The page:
Kennedy honored at White House ceremony

President Barack ObamaBarack Hussein ObamaWater has experienced a decade of bipartisan success Kentucky candidate takes heat for tweeting he'd like to use congressman for target practice What’s genius for Obama is scandal when it comes to Trump MORE awarded 16 presidential medals of freedom on Wednesday, including one to Sen. Edward Kennedy (D-Mass.), who did not attend the ceremony.

Kennedy’s attendance was a question mark ever since the honor was announced at the end of July. He continues to battle brain cancer and his sister Eunice Kennedy Shriver died on Tuesday. Kennedy’s daughter Kara accepted the award on his behalf.

In a ceremony in the East Room of the White House, Obama said Kennedy has been "making a difference for that soldier fighting for freedom, that refugee looking for a way home, that senior searching for dignity, that worker striving for opportunity, that student aspiring to college, that family reaching for the American dream."

There was one controversial presentation Wednesday to Mary Robinson, a former high commissioner for human rights at the United Nations and the first woman president of Ireland. Critics have accused her anti-Semitism.

Rep. Tom Price (R-Ga.) criticized Obama for honoring Robinson. He called the decision "regrettable," saying "supposed human rights efforts at the United Nations devolved into a circus of anti-American, anti-Israeli, and anti-Semitic rhetoric."

"Our nation's highest civilian honor should be reserved for those who embrace our fundamental principles of freedom and equality, not given to one who has repeatedly denounced the efforts of the State of Israel, our closest friend and ally, in the face of unfathomable challenges and extremist attacks," Price said.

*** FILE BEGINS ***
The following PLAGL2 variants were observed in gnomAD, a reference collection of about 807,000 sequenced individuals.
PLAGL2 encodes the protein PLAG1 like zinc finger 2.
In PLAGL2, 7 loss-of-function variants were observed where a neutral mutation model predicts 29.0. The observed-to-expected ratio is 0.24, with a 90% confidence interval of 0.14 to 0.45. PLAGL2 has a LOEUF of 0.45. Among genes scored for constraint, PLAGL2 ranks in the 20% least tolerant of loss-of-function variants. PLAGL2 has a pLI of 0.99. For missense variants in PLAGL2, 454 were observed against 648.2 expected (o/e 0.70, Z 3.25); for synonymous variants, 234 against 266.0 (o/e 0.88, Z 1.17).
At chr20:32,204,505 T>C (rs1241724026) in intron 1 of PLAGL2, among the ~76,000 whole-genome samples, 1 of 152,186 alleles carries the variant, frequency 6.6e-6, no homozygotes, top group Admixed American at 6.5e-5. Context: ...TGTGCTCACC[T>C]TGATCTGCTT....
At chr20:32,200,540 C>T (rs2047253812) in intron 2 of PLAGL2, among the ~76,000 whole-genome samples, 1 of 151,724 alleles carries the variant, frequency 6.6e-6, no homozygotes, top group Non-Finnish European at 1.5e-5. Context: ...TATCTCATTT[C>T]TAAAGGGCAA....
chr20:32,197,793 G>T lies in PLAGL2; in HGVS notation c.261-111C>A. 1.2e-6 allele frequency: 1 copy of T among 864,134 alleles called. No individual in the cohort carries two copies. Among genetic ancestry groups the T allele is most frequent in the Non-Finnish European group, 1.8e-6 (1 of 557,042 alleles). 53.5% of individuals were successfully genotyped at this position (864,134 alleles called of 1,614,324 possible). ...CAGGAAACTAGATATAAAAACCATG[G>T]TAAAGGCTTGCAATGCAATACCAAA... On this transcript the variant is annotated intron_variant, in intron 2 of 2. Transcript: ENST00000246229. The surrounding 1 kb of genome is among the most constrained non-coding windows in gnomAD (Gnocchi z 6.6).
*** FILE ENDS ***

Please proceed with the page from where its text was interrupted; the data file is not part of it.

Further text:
The White House defended Obama's decision to honor Robinson. At Wednesday’s ceremony Obama said she "has not only shone a light on human suffering but illuminated a better future for our world."

White House press secretary Robert Gibbs said that Obama "doesn't agree with each of her statements, but she's certainly somebody who should be honored."

The president also honored late former Rep. and GOP vice presidential candidate Jack Kemp (R-N.Y.), actor Sidney Poitier, actress Chita Rivera, Dr. Janet Davison Rowley, Archbishop Emeritus Desmond Mpilo Tutu, Professor Muhammad Yunus, former Supreme Court Justice Sandra Day O’Connor, deceased gay rights advocate Harvey Milk, Dr. Joseph Medicine Crow–High Bird, Rev. Joseph E. Lowery, former tennis star Billie Jean Moffitt King, scientist Stephen Hawking, Dr. Pedro José “Joe” Greer Jr. and Ambassador Nancy Goodman Brinker, who founded the Susan G. Komen breast cancer foundation.